Tree-shaped 12-foot-tall installations fitted with solar power panels and LED lights have been lighting up 10 areas in the city.
The ‘solar trees’ at 10 locations in Shivaji Park, Matunga, Goregaon, Malad and Ghatkopar are a brainchild of a couple, who wants the city to use more renewable sources of energy. Abhijeet and Aditi Sirkar, residents of Juhu, are working with the Brihanmumbai Municipal Corporation (BMC) to achieve this goal by lighting city streets with solar power.
The first solar tree was installed at Shivaji Park in January, last year. The tree’s mast, which costs Rs2.8 lakh, is between 12 and 14 feet tall and has around eight to 13 branches. Each tree has eight panels and eight lights.
Aditi said the installations, called Surya trees, can get the city rid of electricity generation through coal, gas or oil, which releases carbon dioxide in the air. “The masts are the need of the hour for a metropolitan like Mumbai. Aping a tree increases the energy captured per unit of surface area. Solar charging capabilities and Wi-Fi are available at a Surya Tree installation site. Solar power has a huge potential to, to a large extent, meet the city’s electricity requirement. It saves natural resources and pollutes less when compared to conventional sources,” she said.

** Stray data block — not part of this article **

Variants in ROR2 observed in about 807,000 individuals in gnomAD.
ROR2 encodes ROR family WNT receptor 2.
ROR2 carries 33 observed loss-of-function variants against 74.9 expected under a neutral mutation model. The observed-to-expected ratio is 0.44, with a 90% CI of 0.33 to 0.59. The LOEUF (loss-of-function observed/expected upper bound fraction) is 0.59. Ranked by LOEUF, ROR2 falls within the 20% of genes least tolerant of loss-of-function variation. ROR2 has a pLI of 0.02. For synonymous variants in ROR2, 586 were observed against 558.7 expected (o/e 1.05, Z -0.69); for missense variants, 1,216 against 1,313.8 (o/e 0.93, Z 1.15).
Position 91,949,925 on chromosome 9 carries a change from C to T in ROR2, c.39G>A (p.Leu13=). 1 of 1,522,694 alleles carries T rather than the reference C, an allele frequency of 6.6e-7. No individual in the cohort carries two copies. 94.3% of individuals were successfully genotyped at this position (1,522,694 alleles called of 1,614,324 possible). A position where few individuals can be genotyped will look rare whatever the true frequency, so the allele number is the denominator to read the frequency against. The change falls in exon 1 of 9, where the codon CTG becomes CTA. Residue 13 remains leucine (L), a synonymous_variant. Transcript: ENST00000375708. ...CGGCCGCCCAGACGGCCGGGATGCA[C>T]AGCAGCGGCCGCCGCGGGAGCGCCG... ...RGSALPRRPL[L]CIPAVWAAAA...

While listing its advantages, Abhijeet said, “The biggest advantage of using solar power is that it is an inexhaustible source of energy. Once you have installed the system, you don’t have to worry about electricity because the sun is always going to be there.”
He added that a solar tree is economically viable as it does not need much maintenance. They can be spotted at two areas in Shivaji Park, Maheshwari Udyan, Matunga, Dayabhai Patel Chowk, Goregaon, Malad’s Chincholi Phatak, Ruia Gol Park, Saraf Hall and Umapati Pandey Chowk, and at two places in Ghatkopar.
The couple’s firm Apro Green Tech now plans to set up three more trees at Worli, Mahim and Andheri. The municipal corporation is supporting the project by helping them identify locations for the project.
This is not the first eco-friendly step they have taken. In 2013, they made a road using recycled plastic and rubber opposite Kohinoor building in Dadar. “We built this road with the BMC’s help. It is a one-km stretch. There were potholes on this road and we used the recycled matter to fill them up,” said Aditi.
A dry waste recycling facility that the couple set up in 2014 saves 5,000 kg waste from Dadar, Malad and Ghatkopar from going to city dumping grounds. Their firm is also working towards unburdening the city’s landfills by treating solid waste.
“The BMC has given us space, where we recycle waste from three locations in Mumbai — Dadar, Malad and Ghatkopar. Since 2014, we have recycled 7,200 tonnes of waste,” said Aditi.
“The couple’s efforts are commendable as they play a vital role in educating citizens about the need for renewable energy, recycling waste and caring for the environment by beautifying public spaces. The municipal corporation checked the feasibility of each of the initiatives and gave a go-ahead as they are lasting solutions to environmental issues in the city,” said Anand Waghralkar, deputy municipal commissioner, BMC.